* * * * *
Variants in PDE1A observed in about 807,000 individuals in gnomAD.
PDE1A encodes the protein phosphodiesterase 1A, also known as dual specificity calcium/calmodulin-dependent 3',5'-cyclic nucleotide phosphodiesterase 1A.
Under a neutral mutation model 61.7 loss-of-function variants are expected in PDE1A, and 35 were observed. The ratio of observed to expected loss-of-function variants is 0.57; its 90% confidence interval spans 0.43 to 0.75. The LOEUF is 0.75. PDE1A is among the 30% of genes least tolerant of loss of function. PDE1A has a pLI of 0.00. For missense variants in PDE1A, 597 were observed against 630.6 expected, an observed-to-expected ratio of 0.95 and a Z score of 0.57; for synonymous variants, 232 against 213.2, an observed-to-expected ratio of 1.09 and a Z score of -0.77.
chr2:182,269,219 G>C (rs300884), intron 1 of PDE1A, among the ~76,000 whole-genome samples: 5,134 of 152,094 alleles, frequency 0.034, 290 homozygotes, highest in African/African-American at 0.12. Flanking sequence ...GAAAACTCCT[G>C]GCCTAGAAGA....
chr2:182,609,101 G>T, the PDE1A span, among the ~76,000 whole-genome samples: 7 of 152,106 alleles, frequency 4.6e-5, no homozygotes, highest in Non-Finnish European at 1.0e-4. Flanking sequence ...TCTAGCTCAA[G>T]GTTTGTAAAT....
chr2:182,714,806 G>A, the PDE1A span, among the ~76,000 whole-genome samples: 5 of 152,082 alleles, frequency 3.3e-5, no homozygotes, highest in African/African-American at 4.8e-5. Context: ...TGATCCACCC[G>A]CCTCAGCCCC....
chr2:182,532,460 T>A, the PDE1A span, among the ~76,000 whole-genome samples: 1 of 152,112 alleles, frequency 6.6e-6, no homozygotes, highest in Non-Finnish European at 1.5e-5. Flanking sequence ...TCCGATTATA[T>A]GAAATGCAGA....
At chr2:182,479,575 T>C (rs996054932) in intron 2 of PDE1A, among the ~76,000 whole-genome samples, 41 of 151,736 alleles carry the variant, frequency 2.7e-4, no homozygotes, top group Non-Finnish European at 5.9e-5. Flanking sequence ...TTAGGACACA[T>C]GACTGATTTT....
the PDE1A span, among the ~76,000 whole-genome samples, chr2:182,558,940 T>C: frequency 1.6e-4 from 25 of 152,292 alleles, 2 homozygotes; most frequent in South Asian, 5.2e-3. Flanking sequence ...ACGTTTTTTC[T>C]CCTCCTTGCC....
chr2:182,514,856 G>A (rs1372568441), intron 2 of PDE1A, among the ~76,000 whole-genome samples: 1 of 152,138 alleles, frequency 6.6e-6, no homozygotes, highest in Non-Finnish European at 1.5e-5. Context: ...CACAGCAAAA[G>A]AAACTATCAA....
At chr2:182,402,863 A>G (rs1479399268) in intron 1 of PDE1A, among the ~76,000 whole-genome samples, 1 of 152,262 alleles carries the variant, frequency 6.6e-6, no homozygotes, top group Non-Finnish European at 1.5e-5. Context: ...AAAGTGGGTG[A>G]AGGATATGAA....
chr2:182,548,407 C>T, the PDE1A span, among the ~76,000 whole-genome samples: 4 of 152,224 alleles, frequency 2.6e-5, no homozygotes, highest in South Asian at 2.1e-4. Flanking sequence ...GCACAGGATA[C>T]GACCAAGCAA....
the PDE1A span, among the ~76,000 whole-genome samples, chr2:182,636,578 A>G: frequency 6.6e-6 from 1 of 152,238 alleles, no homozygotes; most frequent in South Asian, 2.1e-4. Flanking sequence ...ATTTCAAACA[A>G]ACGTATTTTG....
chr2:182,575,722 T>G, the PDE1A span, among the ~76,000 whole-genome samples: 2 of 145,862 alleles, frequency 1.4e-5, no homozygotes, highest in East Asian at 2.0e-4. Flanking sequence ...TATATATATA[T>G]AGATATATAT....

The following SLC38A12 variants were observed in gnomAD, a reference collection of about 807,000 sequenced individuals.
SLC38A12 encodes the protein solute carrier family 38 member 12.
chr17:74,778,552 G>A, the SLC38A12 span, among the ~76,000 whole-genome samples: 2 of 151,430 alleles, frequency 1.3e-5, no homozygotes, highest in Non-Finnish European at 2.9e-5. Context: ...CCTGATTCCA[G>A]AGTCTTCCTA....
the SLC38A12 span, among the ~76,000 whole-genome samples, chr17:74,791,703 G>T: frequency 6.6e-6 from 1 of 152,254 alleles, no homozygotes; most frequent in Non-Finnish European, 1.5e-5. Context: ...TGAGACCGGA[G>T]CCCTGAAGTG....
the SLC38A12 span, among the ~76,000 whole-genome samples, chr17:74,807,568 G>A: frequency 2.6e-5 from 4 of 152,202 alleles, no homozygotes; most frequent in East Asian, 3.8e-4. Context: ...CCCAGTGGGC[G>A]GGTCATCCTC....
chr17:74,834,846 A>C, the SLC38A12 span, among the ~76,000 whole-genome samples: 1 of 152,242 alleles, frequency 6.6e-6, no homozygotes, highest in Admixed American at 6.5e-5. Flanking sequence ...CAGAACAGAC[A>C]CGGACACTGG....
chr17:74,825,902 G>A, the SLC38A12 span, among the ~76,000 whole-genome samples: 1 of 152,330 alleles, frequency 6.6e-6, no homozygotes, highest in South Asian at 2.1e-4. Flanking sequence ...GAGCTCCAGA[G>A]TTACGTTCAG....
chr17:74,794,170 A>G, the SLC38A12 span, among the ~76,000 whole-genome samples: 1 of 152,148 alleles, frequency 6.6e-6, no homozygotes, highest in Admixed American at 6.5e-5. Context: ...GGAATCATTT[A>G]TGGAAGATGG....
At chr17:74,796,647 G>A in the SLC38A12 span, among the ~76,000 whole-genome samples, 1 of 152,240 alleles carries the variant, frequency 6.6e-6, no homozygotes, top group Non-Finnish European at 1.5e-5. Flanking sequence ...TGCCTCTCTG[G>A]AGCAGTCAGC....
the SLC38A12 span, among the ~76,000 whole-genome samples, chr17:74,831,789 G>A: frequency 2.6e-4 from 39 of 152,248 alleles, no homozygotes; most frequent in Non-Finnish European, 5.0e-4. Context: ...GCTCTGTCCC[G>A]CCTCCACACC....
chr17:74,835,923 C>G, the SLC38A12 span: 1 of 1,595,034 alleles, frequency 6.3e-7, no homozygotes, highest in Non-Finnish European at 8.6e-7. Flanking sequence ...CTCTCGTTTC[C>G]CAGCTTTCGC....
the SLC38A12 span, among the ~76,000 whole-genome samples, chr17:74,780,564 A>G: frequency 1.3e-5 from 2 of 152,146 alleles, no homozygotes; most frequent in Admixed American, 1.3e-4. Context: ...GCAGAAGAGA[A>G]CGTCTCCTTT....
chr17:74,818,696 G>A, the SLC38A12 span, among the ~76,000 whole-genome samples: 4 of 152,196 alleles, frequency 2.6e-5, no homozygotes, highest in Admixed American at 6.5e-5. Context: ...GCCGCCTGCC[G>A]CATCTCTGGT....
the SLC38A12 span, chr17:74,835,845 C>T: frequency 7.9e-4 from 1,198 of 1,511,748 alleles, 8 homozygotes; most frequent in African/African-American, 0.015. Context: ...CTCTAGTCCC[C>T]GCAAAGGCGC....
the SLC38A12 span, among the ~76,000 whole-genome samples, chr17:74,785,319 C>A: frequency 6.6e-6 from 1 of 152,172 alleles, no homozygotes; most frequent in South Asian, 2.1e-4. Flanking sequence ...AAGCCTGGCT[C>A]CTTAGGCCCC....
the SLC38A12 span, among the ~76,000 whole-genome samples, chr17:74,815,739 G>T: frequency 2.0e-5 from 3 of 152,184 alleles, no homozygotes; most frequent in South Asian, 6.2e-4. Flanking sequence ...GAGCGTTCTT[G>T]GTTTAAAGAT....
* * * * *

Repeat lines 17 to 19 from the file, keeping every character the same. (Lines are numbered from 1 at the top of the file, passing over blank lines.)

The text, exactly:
chr17:74,778,552 G>A, the SLC38A12 span, among the ~76,000 whole-genome samples: 2 of 151,430 alleles, frequency 1.3e-5, no homozygotes, highest in Non-Finnish European at 2.9e-5. Context: ...CCTGATTCCA[G>A]AGTCTTCCTA....
the SLC38A12 span, among the ~76,000 whole-genome samples, chr17:74,791,703 G>T: frequency 6.6e-6 from 1 of 152,254 alleles, no homozygotes; most frequent in Non-Finnish European, 1.5e-5. Context: ...TGAGACCGGA[G>T]CCCTGAAGTG....
the SLC38A12 span, among the ~76,000 whole-genome samples, chr17:74,807,568 G>A: frequency 2.6e-5 from 4 of 152,202 alleles, no homozygotes; most frequent in East Asian, 3.8e-4. Context: ...CCCAGTGGGC[G>A]GGTCATCCTC....